How to make a magnetostrictive emitter and conduct experiments with ultrasound

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magnetostrictive emitter

Using this simple and simple device called a magnetostrictive emitter, you can conduct various experiments with ultrasound: make a low-power ultrasonic engraver, spray water, etc. You can learn these experiments from Mayer’s book “Simple Experiments with Ultrasound”. The essence is simple: a ferrite core of the emitter at frequencies of tens of kHz, it begins to oscillate with these frequencies. We do not see or hear these oscillations, but they exist. If you drop water on the end of the ferrite, the water will instantly turn into fog. Glue a sharp nail to the end of the ferrite and get a low-power ultrasonic engraver. They can make inscriptions on a thin sheet of aluminum.

What we need. We need a round magnet that can be obtained from a speaker or a faulty magnetron from a microwave oven. We also need a ferrite rod from a radio magnetic antenna for the emitter. These can be found in old radios such as Vega 141 and others. I used a rod with a diameter of 8 mm and 8 cm long. In fact, the length and diameter of the rod are not particularly critical (8-12 cm or slightly different sizes), only the resonant frequency of the emitter will change.

On a thick paper frame with an inner diameter of approximately 17 mm, it is necessary to wind 90 turns of wire with a diameter of 0.6 mm, in several layers. The length of the frame is 5 cm.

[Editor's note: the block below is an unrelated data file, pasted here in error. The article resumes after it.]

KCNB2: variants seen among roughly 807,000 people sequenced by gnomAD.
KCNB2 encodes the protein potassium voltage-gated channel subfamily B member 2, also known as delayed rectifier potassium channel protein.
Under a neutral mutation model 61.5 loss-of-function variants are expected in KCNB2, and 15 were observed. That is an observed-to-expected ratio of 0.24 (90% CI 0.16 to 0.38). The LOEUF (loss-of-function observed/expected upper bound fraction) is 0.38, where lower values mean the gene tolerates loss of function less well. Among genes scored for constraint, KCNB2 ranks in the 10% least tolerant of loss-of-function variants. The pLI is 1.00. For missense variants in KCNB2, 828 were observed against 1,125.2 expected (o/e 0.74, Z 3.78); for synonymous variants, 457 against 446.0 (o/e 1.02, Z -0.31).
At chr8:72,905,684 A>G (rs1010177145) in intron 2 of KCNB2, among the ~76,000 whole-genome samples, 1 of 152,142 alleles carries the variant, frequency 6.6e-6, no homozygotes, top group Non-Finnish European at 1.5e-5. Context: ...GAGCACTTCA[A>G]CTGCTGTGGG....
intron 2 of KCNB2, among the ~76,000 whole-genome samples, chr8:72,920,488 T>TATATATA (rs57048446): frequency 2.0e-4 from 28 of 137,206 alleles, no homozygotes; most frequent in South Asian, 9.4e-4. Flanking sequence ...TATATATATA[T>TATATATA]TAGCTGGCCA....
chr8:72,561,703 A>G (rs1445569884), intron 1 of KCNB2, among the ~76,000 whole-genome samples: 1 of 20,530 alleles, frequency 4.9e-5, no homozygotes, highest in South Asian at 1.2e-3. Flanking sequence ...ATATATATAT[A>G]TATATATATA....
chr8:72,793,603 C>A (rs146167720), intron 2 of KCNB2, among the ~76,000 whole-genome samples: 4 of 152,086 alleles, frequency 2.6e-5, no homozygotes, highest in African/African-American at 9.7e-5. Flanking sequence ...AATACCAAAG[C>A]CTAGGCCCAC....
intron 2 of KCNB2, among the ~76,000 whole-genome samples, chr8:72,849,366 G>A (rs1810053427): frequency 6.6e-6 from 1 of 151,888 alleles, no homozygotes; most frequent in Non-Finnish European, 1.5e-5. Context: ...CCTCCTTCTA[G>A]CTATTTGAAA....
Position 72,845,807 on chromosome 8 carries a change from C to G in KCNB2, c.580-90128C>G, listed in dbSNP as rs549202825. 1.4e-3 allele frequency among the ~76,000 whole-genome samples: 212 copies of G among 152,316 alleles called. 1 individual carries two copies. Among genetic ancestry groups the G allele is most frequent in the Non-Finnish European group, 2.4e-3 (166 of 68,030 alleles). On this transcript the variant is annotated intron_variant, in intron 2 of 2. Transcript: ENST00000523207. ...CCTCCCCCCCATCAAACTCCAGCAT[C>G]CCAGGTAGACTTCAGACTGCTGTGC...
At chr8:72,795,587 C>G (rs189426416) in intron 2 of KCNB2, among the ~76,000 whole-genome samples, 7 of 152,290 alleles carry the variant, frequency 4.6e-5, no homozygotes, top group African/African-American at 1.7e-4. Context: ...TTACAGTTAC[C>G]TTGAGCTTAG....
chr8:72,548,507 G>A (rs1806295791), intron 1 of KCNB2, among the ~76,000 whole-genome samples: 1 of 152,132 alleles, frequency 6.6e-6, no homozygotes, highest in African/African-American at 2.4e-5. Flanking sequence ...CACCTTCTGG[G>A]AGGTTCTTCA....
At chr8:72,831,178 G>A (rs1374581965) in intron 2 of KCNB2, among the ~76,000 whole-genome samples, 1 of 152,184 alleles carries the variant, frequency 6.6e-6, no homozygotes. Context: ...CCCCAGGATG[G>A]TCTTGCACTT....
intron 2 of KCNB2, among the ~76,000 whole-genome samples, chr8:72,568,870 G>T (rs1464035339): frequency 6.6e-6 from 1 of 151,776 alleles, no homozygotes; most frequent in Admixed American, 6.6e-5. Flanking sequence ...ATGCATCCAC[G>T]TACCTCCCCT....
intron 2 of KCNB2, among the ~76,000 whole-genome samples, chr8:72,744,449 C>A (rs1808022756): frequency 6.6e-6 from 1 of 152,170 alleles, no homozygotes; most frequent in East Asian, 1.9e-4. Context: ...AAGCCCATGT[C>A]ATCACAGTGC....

Then we fix the ferrite rod in the frame as shown in the photo. The ferrite is installed exactly in the middle of the frame and is held with cotton wool, which is impregnated with glue to stiffen it.

The ferrite coil must be installed in the middle of the round magnet at a small distance from it. I set this distance using two plastic caps.

The emitter itself will still have to be tuned to the best performance together with the generator, so all that has been said is just the basis. The adjustment consists in setting such a distance between the magnet and the ferrite, at which there will be the most powerful vibrations of the ferrite.

The key is assembled on an IRL3103 field-effect transistor mounted on a radiator. Other suitable field-effect transistors can also be used.

So, when everything is assembled, it’s time to set up the whole thing and check it in operation. We apply a rectangular signal to the key gate through a resistor with a frequency of about 35 kHz (this is with my ferrite dimensions) and an amplitude of 10.5 Volts. Set the voltage to 14 Volts on the power source. We install a blade on the end of the ferrite and begin to change the frequency of the signal on the generator. When there are the most powerful vibrations of the blade, then there will be a resonance of the emitter

Now we drop a drop of water on the end of the ferrite and again slightly adjust the frequency and at resonance a drop of water is sprayed. For more powerful oscillations, increase the voltage of the power source to 16 Volts. this must be remembered.

Install a metal ball with a tube on the end of the ferrite. During the oscillation of the rod, the ball in the tube will jump.